By: Benjamin M. Tenenholtz
Almost everyone has months where money is tight. And as you may or may not know, if you’re late on rent payments for your rental home or apartment, you may find yourself locked out of your property. While your landlord has a right to lock you out if you don’t pay your rent, he must follow very specific rules in the Texas Property Code in order to lock out a tenant.
1. Warning of the Lockout
If your landlord locks you out of your residence, he must post a notice on your front door which provides you with a 24-hour on-site location to access your new key, or a 24-hour phone number you can call to have a new key delivered within two hours. The landlord’s notice must also tell you the amount of late rent/charges and he must provide you a new key, at any hour, REGARDLESS of whether or not you pay the delinquent rent. It is important to know that your landlord cannot lock you out on a day on which a designated person is not available, or the on-site management office is not open, for you to pay the delinquent rent.
2. Notice of Lockout and Legal Niceties
Additionally, your landlord cannot lock you out of your residence at all unless your lease agreement tells you that you can be locked out for failing to pay rent, and you are actually delinquent in paying your rent. In addition to these requirements, the landlord is required to provide a warning notice either: five days before the lockout by local mail, or three days before the lockout by hand-delivery or by posting on your main entry door. This notice should tell you the earliest date you may be locked out, the amount you must pay to prevent the lockout, the contact information for the individual or management office to discuss your rent, and tell you in underlined or bold print that you have a right to get a new key to your residence at any hour, REGARDLESS of whether you pay the delinquent rent.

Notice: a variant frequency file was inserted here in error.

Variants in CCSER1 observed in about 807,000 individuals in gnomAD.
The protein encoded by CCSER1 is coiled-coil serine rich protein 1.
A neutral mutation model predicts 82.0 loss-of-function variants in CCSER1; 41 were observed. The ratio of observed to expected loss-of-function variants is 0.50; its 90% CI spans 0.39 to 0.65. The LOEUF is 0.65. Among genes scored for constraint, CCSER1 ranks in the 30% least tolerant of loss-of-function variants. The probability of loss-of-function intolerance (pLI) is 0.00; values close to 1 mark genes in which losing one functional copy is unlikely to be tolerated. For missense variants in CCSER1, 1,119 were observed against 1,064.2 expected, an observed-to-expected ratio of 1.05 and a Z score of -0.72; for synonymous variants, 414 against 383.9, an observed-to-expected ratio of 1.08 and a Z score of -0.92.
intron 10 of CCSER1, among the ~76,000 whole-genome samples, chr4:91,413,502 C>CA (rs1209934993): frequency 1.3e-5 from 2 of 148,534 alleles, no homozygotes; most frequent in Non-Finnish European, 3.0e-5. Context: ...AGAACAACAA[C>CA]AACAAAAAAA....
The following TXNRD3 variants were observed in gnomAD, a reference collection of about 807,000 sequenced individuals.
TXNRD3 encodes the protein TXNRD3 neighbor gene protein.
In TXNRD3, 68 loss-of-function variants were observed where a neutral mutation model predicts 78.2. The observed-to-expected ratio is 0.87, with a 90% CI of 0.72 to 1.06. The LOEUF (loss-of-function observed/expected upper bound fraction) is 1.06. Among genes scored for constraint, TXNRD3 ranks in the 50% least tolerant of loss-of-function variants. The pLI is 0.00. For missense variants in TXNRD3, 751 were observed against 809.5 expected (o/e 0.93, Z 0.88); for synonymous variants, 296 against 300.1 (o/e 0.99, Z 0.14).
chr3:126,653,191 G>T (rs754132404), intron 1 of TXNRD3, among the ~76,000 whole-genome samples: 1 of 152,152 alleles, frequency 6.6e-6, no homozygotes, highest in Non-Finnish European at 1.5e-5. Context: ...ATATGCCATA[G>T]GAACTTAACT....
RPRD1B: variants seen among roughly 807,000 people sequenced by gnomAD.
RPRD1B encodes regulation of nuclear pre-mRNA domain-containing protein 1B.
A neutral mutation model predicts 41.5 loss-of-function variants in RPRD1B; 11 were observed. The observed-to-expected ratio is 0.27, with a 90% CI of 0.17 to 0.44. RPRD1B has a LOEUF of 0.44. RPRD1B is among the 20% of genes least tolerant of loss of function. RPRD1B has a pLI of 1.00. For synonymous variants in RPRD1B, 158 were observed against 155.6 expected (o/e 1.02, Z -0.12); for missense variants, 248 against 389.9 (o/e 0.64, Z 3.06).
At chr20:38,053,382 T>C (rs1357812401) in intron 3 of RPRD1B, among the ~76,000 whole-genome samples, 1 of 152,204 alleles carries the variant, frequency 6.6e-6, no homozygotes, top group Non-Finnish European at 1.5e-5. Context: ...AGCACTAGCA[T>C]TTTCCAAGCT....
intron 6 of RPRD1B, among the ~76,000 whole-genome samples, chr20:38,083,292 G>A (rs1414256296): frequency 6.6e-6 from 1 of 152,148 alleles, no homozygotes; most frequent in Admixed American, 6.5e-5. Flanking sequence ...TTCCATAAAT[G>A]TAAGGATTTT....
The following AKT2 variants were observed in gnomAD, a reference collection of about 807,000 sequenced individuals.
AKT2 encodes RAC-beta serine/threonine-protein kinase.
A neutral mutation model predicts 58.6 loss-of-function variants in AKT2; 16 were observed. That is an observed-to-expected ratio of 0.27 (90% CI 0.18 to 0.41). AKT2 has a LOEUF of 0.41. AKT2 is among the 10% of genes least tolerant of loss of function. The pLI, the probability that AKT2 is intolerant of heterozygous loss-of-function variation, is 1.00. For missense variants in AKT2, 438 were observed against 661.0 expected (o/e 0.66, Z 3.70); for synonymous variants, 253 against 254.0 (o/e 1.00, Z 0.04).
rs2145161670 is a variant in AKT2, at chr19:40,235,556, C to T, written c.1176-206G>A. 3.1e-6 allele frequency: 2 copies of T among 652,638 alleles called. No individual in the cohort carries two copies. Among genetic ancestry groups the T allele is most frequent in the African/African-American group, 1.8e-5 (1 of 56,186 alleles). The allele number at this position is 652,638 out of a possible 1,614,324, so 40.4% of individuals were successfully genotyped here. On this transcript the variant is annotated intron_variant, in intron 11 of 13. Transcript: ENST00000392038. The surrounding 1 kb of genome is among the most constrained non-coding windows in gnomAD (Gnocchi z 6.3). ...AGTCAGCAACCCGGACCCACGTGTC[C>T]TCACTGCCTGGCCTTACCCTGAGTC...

3. Remedy for Wrongful Lockout
If your landlord violates any of these laws, you have substantial rights to which you are entitled! You may either regain entry to your residence, or terminate the lease. In addition to these rights, you are entitled to recover a penalty from the landlord of $1,000, one month’s rent, actual damages, court costs, and reasonable attorney’s fees (minus the amount of delinquent rent). Additionally, if your landlord fails to give you a key after you request it, you may be entitled to another month’s rent.
Maybe most important to wrongfully locked out tenants… Your lease cannot waive any of these rights!
So in summary, remember these things:
- Warning of Lockout–it should come ahead of time in the mail or on your door or by personal delivery and include delinquent amounts and contact information
- Notice of Lockout–Posted on the door to the residence, including the delinquent rent amount but more importantly advising you that a key is available to you at any time, within 2 hours, regardless of your ability to pay the delinquent amounts
- Vindicating your Rights–Lockouts not done in strict accordance with the property code are subject to stiff civil penalties. A lawyer can help you recover the damages and fines your landlord might owe you, but you probably still have to pay your rent.